"Home accessories is an area that has really picked up," Parr says. Items such as picture frames, potpourri and vases are big sellers. Gift items from specialty retailers such as the San Francisco Music Box Co. also do well. Jewelry brings in attractive sales numbers in large part due to the high mark-up on most merchandise. "Silver jewelry has been hot all year round," Parr says.

Cellular phone and accessory sales remain strong due to the high demand. "Because of the huge amount of players, rates are dropping so low that they are affordable for everyone," Georgetti-Piro says. "The rates are becoming so affordable that people are now buying them for their kids or their nannies," she says.

Sales of polar fleece items ranging from vests to hats have been soft in recent years, but the cold weather in the Northeast and Midwest has helped to spark a surge. "Polar fleece merchandise has made a comeback," Dalton notes.

Trendy items ranging from Razor Scooters to Bungee Balls are popular specialty retail items. However, the trendy items aren't always the biggest sellers. Scooters are certainly a hot item, but they have not been among the top performers. One reason is because the scooters are widely available at in-line stores ranging from The Discovery Zone to women's ready-to-wear shops such as Deb, Maybruck notes.

Retailers that have an active merchandising strategy to showcase products such as Rainbow Art and Bungee Balls go over big with shoppers. "Demonstrable products do well in our common areas," Dalton says. "The fact that they are demonstrable makes it fly."

Holiday hits November and December are the busiest two months of the year for specialty retailers, and most holiday sales are geared toward gift items. National retailers that sell from carts and kiosks during the holidays are always solid performers, Maybruck notes. Retailers such as Spencer Gifts, Wilson's Leather, Walden Books, Calendar Club and Hickory Farms consistently post solid sales, she adds. Personalized items also do well with gift buyers during the holiday season - everything from personalized Christmas ornaments to t-shirts are big sellers.

Apparel sales tend to dip during the Christmas season. Sales are great from January through October, but performance typically trends down in November and December, Georgetti-Piro says. "People are not buying clothes during the holidays, they are buying toys," she says. The latest toys are often represented on specialty retail units ranging from Power Puff Girls to Harry Potter merchandise.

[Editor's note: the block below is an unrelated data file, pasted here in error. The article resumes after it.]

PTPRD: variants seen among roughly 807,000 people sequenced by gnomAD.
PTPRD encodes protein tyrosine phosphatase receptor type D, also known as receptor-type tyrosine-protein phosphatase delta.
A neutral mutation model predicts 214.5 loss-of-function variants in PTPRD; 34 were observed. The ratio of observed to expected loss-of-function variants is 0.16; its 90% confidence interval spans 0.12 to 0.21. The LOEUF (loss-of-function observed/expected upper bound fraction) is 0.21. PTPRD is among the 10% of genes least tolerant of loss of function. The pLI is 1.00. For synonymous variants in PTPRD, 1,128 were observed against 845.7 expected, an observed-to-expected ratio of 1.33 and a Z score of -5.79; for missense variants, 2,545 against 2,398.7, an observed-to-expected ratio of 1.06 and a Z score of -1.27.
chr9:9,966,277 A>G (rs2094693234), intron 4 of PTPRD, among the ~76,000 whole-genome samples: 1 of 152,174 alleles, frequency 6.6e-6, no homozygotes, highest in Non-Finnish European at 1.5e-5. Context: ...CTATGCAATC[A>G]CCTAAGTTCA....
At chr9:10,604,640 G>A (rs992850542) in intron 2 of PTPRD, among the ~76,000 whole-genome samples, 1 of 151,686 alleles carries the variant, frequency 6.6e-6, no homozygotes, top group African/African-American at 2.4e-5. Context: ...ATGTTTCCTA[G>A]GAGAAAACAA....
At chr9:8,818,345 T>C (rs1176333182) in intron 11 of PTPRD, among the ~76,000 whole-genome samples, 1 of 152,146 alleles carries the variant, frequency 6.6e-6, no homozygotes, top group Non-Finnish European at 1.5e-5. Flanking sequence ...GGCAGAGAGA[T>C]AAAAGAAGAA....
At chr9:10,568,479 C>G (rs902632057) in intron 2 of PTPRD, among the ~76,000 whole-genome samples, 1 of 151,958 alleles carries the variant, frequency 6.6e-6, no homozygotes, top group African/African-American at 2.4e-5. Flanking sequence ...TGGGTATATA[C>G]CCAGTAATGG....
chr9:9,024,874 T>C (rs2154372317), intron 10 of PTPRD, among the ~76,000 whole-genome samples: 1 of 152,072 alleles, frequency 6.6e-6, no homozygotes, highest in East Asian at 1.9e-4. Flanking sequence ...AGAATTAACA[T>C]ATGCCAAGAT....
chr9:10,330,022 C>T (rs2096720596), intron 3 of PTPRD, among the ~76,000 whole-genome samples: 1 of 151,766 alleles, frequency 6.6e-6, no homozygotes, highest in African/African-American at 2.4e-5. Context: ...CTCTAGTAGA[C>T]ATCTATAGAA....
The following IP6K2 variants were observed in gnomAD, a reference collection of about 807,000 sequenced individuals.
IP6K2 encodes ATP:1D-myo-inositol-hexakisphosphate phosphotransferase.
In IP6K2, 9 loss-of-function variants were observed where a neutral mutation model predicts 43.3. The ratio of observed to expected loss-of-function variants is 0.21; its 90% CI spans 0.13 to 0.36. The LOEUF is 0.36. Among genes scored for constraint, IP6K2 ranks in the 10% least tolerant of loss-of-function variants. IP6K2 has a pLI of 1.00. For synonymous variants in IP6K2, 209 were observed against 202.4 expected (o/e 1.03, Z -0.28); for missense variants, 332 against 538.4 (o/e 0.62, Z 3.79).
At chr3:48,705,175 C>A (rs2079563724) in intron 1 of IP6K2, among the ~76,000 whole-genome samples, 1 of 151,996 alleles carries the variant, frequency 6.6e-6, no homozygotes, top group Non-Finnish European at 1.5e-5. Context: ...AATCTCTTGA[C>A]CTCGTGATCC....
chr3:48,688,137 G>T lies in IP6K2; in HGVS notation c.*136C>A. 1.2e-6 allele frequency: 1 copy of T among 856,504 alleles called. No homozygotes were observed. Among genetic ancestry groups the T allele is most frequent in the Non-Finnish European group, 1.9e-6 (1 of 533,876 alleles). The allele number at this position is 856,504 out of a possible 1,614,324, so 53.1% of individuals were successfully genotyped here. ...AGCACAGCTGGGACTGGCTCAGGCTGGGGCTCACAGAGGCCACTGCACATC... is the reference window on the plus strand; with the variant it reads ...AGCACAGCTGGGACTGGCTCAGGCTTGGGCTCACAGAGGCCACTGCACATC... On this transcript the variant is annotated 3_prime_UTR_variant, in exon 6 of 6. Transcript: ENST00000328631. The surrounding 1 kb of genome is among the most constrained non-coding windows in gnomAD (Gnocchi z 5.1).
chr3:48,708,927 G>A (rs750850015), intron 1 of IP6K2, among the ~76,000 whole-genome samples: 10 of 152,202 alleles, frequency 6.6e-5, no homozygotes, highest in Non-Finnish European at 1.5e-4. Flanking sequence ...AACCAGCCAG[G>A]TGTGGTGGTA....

Traditionally, cart and kiosk programs are more active during the holiday shopping season. Simon's specialty leasing program averages 100% occupancy during November and December, and closer to 80% to 85% occupancy the remainder of the year, Allen notes. However, that picture is changing at many properties as owners focus on enhancing year-round leasing.

"We are still trying to maximize our year-round occupancy, and we see potential for growth from January through October," agrees Georgetti-Piro. Although specialty leasing kiosks at some General Growth Centers are fully occupied year-round, other properties experience 80% to 90% occupancy or lower throughout the year. General Growth is concentrating on local and regional concepts to fill those vacancies from January through October.

The key to specialty leasing year-round is bringing in a diverse mix of concepts. "We try to look for retailers that complement our centers and are not directly competitive with each other or with our in-line tenants," Georgetti-Piro says.

- All Star Carts & Vehicles Inc. - Alusett Precision Manufacturing - B&C Mortensen Wood Prod. Inc. - B & W Woodcrafters - Beaver Machine Corp. - Cab-Tech Manufacturing Inc. - Carriage Works Inc. - Corsair Display Systems Inc. - Creations at Dallas - Design Performance Group - EIDE Industries Inc. - Global Entertainment Industries - Handi-Hut Inc. - Merchandising Frontiers - Penwal Industries Inc. - Sand Mountain Inc. - The Sequoia Group - Spartan Showcase Inc. - Supreme Products Inc. - T L Horton Design - Thomas Brady & Associated Artists - VanSan Corp. - Waymatic Inc. - Wesnic